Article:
The 8th Night | South Korean Supernatural Action Flick is Fun if Predictable
The 8th Night is a supernatural action flick. If this confluence of genres appeals to you, there is a lot to like in this Netflix movie from South Korean writer-director Kim Tae-Hyung. He does not bring anything new to the table, but his film is generally restrained enough to deliver on its promise. The cracks of a debut feature do, however, show in its leaden pace and overreliance on plodding, often unnecessary, exposition.
The Diamond Sutra, according to the film, tells of a millennia-old battle against good and evil. A demon, seeking to open the gates of hell, is confronted by the Buddha and his disciples. The evil is defeated, its eyes separated. The eyes must be prevented from coming together, lest the evil be reborn and the gate to hell opened. The Black Eye is hidden in the East, hidden among the mountains of present-day South Korea. The Red Eye is hidden in the West, where the Buddha creates a vast desert to keep it hidden. At the start of the film, the Red Eye is found in an expedition along the India-Pakistan border. Anthropologist Kim Joon-cheol (Choi Jin-ho) wants to prove that the Diamond Sutra speaks the truth. When carbon dating shows the vessel carrying the eye cannot be 2,500 years old, the professor is disgraced. To prove that he is right, the professor performs a ritual to awaken the Red Eye. His success begins the dramatic action of the film.
What we need to know about the Red Eye is delivered via narration in the opening minutes of the film. It amounts to a race against time. The Red Eye will possess a series of victims over seven nights. On the eighth, during a Blood Moon, the Red Eye will possess the protector of the Black Eye. In so doing, the evil will be reunited. It is the task of an exorcist monk to prevent this from happening. The current protector of the Black Eye is Cheong-seok (Nam Da-reum). He is introduced 22 months into a vow of silence given to him by his mentor Ha-Jeong (Lee Eol). The mentor dies, giving his charge a task. He is to find Seohwa, the man who can prevent the evil from awakening. Seohwa is a former monk turned construction worker called Park Jin-su (Lee Sung-min). It is when these two characters are brought together that the film is most successful.
Cheong-seok and Jin-su make for an odd pairing. The former, given his vow of silence, can only communicate by writing on a notepad. When they go out for food, the pious monk will not touch the meat in his dish. Jin-su removes the offending beef, for which Cheong-seok is grateful. The monk soon inadvertently breaks his vow of silence to say thank you for an act of kindness. Released from his burden, their partnership takes on a more natural tenor. The film manages to find humour in the fish out of water nature of Cheong-seok’s experience, as in a scene in a fast-food burger joint where we see the young monk greedily eyeing a woman eating ice cream. The next shot is of Cheong-seok eating an ice cream cone with childlike delight.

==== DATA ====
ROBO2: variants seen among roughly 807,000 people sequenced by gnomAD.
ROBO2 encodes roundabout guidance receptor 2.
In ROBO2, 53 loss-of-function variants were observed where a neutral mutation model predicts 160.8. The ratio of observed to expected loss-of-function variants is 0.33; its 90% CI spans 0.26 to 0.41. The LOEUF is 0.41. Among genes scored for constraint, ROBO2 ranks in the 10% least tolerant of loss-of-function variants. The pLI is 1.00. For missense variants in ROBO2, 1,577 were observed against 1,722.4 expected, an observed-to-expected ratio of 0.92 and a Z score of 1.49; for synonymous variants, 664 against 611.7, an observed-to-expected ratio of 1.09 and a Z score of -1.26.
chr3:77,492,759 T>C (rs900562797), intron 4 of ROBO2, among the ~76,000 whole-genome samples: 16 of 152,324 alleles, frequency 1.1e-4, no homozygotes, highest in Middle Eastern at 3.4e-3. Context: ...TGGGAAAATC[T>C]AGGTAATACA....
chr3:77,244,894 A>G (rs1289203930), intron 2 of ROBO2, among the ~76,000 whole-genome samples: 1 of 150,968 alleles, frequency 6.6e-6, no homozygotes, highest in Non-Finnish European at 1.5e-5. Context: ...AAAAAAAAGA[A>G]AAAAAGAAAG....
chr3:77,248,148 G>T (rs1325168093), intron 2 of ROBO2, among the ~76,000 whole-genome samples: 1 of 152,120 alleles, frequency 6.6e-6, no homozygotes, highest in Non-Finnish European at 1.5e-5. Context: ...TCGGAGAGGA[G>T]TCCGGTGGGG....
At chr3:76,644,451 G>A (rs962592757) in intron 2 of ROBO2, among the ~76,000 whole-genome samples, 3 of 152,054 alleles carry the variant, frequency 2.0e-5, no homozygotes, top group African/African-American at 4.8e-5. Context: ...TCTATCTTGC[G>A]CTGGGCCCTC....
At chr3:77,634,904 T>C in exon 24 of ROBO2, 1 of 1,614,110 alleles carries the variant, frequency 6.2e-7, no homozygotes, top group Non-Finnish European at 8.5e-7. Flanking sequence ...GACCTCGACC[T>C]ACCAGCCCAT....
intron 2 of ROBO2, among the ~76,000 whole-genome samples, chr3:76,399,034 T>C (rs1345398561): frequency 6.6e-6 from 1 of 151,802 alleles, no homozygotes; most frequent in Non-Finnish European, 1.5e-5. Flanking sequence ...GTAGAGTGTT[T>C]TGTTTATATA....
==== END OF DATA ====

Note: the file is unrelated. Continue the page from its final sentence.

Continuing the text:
Parallel to this is a police investigation led by Kim Ho-tae (Park Hae-joon). As the Red Eye, leaps across its “stepping stones,” it leaves behind a trail of gruesome corpses. We know too much about what is going on for these sequences to read as thrilling, but all the same we are presented with the sceptical detective trying to make sense of supernatural happenings.
These investigations do lead to some of the more memorable images, such as the Red Eye opening on the cheek of one of its victims. The special effects of these eyes, as well as the various ghostly apparitions, are used sparingly, making them all the more impactful. Any effect falls to scrutiny when used too often. If anything, director Tae-Young likely could have afforded to show us more. However, this restraint also gives itself over to the leaden pace of the proceedings. Too much unnecessary exposition and character background is given throughout the middle part of the film. While this certainly fleshes out the characters, the thematic pay-off is simply not convincing. When the finale of your film is a confrontation between an axe-wielding exorcist and a demon with several additional eyes on its face, I do not much care about the exorcist’s proverbial tragic background.
The 8th Night works best when it is allowed to be an action film. The mystery aspects do not sink in, as we already know too much. While there are some memorable spooky images, such as a ghostly figure appearing over the shoulder of a hunter, these are too few to generate horror out of the proceedings. What’s left is an odd-ball pairing facing off against ancient forces of evil intent only on opening the gates to hell. This is all the film needs to be. Leave redemption off to the side and enjoy this supernatural race against time.